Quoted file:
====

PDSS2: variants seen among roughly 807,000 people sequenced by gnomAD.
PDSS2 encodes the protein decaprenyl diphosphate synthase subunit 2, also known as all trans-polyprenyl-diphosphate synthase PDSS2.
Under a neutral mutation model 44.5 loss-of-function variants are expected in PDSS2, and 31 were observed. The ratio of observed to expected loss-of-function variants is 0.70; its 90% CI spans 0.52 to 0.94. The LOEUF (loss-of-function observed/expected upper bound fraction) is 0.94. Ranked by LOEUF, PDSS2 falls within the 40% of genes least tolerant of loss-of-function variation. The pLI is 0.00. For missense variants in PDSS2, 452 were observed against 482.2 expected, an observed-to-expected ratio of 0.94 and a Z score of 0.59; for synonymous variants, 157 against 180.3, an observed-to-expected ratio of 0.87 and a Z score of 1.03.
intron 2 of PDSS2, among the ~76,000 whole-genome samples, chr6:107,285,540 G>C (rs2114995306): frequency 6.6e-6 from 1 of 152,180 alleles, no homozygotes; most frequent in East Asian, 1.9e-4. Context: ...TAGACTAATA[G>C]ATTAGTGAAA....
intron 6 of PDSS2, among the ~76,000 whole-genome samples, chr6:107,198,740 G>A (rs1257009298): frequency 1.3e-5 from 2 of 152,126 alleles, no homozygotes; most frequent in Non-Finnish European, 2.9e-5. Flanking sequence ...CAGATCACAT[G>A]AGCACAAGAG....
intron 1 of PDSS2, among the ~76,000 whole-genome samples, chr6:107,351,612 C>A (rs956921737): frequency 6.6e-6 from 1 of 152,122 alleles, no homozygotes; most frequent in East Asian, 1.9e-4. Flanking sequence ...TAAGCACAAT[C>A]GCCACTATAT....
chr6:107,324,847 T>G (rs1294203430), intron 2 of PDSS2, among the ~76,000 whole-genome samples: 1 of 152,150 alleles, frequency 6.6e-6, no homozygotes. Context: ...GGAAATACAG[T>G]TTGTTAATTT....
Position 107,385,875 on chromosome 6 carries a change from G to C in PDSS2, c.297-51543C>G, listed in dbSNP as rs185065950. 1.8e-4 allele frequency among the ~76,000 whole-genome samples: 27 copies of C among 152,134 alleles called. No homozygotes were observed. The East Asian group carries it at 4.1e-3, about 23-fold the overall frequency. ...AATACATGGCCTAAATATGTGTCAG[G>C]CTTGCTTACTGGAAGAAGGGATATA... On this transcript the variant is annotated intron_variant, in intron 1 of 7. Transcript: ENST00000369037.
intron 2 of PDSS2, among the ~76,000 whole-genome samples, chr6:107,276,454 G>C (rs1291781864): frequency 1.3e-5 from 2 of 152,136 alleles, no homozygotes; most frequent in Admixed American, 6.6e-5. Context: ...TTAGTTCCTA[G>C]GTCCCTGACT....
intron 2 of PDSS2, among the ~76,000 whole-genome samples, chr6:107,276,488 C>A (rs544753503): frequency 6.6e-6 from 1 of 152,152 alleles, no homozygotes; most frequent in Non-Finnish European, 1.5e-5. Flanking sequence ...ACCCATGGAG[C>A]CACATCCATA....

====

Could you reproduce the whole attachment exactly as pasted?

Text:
PDSS2: variants seen among roughly 807,000 people sequenced by gnomAD.
PDSS2 encodes the protein decaprenyl diphosphate synthase subunit 2, also known as all trans-polyprenyl-diphosphate synthase PDSS2.
Under a neutral mutation model 44.5 loss-of-function variants are expected in PDSS2, and 31 were observed. The ratio of observed to expected loss-of-function variants is 0.70; its 90% CI spans 0.52 to 0.94. The LOEUF (loss-of-function observed/expected upper bound fraction) is 0.94. Ranked by LOEUF, PDSS2 falls within the 40% of genes least tolerant of loss-of-function variation. The pLI is 0.00. For missense variants in PDSS2, 452 were observed against 482.2 expected, an observed-to-expected ratio of 0.94 and a Z score of 0.59; for synonymous variants, 157 against 180.3, an observed-to-expected ratio of 0.87 and a Z score of 1.03.
intron 2 of PDSS2, among the ~76,000 whole-genome samples, chr6:107,285,540 G>C (rs2114995306): frequency 6.6e-6 from 1 of 152,180 alleles, no homozygotes; most frequent in East Asian, 1.9e-4. Context: ...TAGACTAATA[G>C]ATTAGTGAAA....
intron 6 of PDSS2, among the ~76,000 whole-genome samples, chr6:107,198,740 G>A (rs1257009298): frequency 1.3e-5 from 2 of 152,126 alleles, no homozygotes; most frequent in Non-Finnish European, 2.9e-5. Flanking sequence ...CAGATCACAT[G>A]AGCACAAGAG....
intron 1 of PDSS2, among the ~76,000 whole-genome samples, chr6:107,351,612 C>A (rs956921737): frequency 6.6e-6 from 1 of 152,122 alleles, no homozygotes; most frequent in East Asian, 1.9e-4. Flanking sequence ...TAAGCACAAT[C>A]GCCACTATAT....
chr6:107,324,847 T>G (rs1294203430), intron 2 of PDSS2, among the ~76,000 whole-genome samples: 1 of 152,150 alleles, frequency 6.6e-6, no homozygotes. Context: ...GGAAATACAG[T>G]TTGTTAATTT....
Position 107,385,875 on chromosome 6 carries a change from G to C in PDSS2, c.297-51543C>G, listed in dbSNP as rs185065950. 1.8e-4 allele frequency among the ~76,000 whole-genome samples: 27 copies of C among 152,134 alleles called. No homozygotes were observed. The East Asian group carries it at 4.1e-3, about 23-fold the overall frequency. ...AATACATGGCCTAAATATGTGTCAG[G>C]CTTGCTTACTGGAAGAAGGGATATA... On this transcript the variant is annotated intron_variant, in intron 1 of 7. Transcript: ENST00000369037.
intron 2 of PDSS2, among the ~76,000 whole-genome samples, chr6:107,276,454 G>C (rs1291781864): frequency 1.3e-5 from 2 of 152,136 alleles, no homozygotes; most frequent in Admixed American, 6.6e-5. Context: ...TTAGTTCCTA[G>C]GTCCCTGACT....
intron 2 of PDSS2, among the ~76,000 whole-genome samples, chr6:107,276,488 C>A (rs544753503): frequency 6.6e-6 from 1 of 152,152 alleles, no homozygotes; most frequent in Non-Finnish European, 1.5e-5. Flanking sequence ...ACCCATGGAG[C>A]CACATCCATA....